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Bulgaria’s Sunny Beach opens season with moderate optimism despite the war and pandemic

Photo: sunnybeach.com

The active summer season in Bulgaria’s largest Black Sea resort of Sunny Beach officially starts on June 1, but tourists have started arriving since the beginning of May. Most of the early summer guests are from Great Britain, Poland and Germany, Teodor Pastarmazhdiev, a member of the Board of the Union of Owners in Sunny Beach has told us. According to him, expectations for summer 2022 in the resort are moderately optimistic but there is uncertainty in the tourism industry. After the pandemic and disturbances in international travel, the war in Ukraine has now made tourists extremely cautious. "We think that most of the tourists would wait until the last moment before making plans about their vacation," Teodor Pastarmadzhiev said and added:

"The difference between last season and this one is that then there were great restrictions on international travel. The vast majority of tour operators, including the British ones, had canceled their flight programs altogether. Even if tourists from Britain wanted to visit us, they could not come. This is not the case now as there are enough flights and those who want can easily visit Bulgaria.”


Teodor Pastarmadzhiev does not share the fears of some of his colleagues that the war and the outflow of Russian tourists would have a "detrimental" effect on the season. "We lost Russian tourists a long time ago, long before the pandemic and the war due to a number of factors," he said, adding that currently Russian citizens in Sunny Beach and the region are mostly property owners, not tourists. However, the lack of Ukrainian tourists could have a negative impact.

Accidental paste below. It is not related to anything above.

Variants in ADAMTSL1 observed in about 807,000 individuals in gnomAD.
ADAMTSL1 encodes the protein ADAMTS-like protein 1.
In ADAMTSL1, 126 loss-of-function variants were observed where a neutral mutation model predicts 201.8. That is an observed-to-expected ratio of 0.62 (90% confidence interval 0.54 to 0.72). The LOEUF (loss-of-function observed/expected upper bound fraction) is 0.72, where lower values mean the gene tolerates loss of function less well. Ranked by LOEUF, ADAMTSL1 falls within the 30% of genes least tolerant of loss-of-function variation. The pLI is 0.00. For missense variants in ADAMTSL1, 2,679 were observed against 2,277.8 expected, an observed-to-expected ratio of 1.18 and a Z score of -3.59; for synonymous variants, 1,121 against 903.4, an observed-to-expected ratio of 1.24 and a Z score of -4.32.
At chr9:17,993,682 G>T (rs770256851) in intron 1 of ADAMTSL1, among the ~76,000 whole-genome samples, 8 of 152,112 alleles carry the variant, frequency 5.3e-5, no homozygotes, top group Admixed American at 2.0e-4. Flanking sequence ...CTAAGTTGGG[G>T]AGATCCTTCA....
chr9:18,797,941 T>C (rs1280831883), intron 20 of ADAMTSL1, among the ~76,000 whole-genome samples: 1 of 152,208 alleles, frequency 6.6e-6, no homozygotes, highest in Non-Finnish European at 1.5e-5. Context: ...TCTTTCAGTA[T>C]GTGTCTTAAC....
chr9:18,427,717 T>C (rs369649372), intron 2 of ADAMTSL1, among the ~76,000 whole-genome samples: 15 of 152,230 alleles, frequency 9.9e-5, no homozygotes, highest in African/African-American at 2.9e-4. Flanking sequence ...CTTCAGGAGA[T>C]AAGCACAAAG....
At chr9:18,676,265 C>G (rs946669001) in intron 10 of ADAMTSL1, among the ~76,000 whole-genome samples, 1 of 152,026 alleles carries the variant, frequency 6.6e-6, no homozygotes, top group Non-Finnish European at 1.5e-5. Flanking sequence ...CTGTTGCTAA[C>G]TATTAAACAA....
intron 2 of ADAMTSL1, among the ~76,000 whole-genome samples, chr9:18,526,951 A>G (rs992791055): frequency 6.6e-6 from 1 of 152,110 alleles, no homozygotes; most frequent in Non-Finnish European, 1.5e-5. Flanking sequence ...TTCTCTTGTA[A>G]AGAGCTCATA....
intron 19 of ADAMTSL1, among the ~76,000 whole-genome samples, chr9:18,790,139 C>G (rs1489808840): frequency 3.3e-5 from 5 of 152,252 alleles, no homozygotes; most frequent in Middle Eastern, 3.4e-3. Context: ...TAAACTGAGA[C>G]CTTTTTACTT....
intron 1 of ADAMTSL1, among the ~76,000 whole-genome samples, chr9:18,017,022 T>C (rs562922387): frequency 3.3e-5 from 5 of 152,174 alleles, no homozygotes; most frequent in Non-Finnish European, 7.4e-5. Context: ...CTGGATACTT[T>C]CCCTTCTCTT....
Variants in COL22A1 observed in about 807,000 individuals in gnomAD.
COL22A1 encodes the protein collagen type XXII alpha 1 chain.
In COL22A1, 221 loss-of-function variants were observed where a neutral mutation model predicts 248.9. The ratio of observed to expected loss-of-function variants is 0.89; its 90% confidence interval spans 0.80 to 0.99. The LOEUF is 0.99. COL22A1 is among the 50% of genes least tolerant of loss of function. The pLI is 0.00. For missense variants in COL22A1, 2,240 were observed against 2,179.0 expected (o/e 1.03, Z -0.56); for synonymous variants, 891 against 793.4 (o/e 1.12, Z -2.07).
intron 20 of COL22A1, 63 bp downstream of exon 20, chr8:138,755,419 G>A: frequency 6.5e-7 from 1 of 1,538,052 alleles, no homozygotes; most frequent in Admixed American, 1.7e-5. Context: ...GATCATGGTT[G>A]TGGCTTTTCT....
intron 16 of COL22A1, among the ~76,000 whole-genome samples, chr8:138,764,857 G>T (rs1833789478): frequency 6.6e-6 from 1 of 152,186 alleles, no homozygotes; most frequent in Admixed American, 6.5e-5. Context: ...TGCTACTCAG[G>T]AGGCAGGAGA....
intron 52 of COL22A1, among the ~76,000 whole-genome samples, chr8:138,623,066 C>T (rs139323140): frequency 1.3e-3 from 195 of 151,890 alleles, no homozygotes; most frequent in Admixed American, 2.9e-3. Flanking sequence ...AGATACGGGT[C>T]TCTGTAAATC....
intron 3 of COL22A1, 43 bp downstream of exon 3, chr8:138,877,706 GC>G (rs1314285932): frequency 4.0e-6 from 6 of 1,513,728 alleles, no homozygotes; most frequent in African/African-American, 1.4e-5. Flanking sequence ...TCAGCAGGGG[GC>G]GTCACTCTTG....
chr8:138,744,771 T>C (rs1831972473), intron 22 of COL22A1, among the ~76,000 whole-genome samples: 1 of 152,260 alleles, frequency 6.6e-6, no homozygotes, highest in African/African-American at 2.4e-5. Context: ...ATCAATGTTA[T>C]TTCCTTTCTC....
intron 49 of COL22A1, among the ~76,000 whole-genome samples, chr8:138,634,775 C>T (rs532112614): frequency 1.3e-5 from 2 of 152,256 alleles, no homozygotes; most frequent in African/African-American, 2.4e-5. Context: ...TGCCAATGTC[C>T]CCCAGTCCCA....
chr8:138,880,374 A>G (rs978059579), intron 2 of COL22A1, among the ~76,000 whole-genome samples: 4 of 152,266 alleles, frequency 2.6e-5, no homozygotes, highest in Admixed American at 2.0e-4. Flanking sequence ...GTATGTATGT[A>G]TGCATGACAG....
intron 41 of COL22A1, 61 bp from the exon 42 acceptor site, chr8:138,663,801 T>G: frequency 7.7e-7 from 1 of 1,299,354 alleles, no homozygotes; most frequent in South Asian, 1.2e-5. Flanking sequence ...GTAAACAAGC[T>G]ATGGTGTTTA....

Currently, there are Ukrainian refugees accommodated in some of the hotels in Sunny Beach and part of their expenses are covered by the Bulgarian state. "However, these Ukrainian citizens occupy a very small percentage of available hotel rooms," Mr. Pastarmadzhiev said and added:


"Officially, there were between 25,000 and 30,000 people registered under the government assistance program for Ukrainians fleeing the war. We have at least 300,000  beds in the area. This means that just 10% of our accommodation places are occupied by Ukrainian citizens. This can hardly create significant problems keeping in mind the fact that in the past ten days many Ukrainian citizens left our hotels."

Some of them are returning home, while others are heading to state accommodation bases around the country. But there is a different problem that the tourism industry faces – galloping prices. Raw materials, fuels energy, food, etc. are becoming more and more expensive in the backdrop of the raging military conflict. That is why the growth of prices of services and tourist packages is expected to continue.


"What we expect is a rise in the price of offered packages by at least 20%, provided that we do not know yet what the price of electricity would be in July and August. This puts us in a difficult position when making plans and setting prices in advance,” Pastarmazhdiev says.


English: Alexander Markov

Photos: sunnybeach.com
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